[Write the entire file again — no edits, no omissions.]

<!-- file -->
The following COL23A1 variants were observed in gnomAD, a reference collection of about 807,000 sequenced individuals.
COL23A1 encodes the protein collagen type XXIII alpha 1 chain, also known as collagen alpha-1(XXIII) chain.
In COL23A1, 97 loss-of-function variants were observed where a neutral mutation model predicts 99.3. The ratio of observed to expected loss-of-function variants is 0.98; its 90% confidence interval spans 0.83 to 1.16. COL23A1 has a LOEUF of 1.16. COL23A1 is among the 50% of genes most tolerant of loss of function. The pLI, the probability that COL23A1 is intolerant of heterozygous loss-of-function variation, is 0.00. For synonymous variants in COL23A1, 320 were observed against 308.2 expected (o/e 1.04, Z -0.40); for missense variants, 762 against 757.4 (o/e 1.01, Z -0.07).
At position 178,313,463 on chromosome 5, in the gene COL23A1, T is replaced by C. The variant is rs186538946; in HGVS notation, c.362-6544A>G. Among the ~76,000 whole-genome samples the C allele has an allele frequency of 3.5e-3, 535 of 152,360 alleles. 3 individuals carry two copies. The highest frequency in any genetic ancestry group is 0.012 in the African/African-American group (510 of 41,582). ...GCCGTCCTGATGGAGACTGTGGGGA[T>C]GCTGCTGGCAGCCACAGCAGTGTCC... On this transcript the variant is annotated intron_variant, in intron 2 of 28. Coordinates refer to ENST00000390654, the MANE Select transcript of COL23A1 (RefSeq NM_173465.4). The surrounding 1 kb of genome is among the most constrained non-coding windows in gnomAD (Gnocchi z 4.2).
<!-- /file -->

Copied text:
The following COL23A1 variants were observed in gnomAD, a reference collection of about 807,000 sequenced individuals.
COL23A1 encodes the protein collagen type XXIII alpha 1 chain, also known as collagen alpha-1(XXIII) chain.
In COL23A1, 97 loss-of-function variants were observed where a neutral mutation model predicts 99.3. The ratio of observed to expected loss-of-function variants is 0.98; its 90% confidence interval spans 0.83 to 1.16. COL23A1 has a LOEUF of 1.16. COL23A1 is among the 50% of genes most tolerant of loss of function. The pLI, the probability that COL23A1 is intolerant of heterozygous loss-of-function variation, is 0.00. For synonymous variants in COL23A1, 320 were observed against 308.2 expected (o/e 1.04, Z -0.40); for missense variants, 762 against 757.4 (o/e 1.01, Z -0.07).
At position 178,313,463 on chromosome 5, in the gene COL23A1, T is replaced by C. The variant is rs186538946; in HGVS notation, c.362-6544A>G. Among the ~76,000 whole-genome samples the C allele has an allele frequency of 3.5e-3, 535 of 152,360 alleles. 3 individuals carry two copies. The highest frequency in any genetic ancestry group is 0.012 in the African/African-American group (510 of 41,582). ...GCCGTCCTGATGGAGACTGTGGGGA[T>C]GCTGCTGGCAGCCACAGCAGTGTCC... On this transcript the variant is annotated intron_variant, in intron 2 of 28. Coordinates refer to ENST00000390654, the MANE Select transcript of COL23A1 (RefSeq NM_173465.4). The surrounding 1 kb of genome is among the most constrained non-coding windows in gnomAD (Gnocchi z 4.2).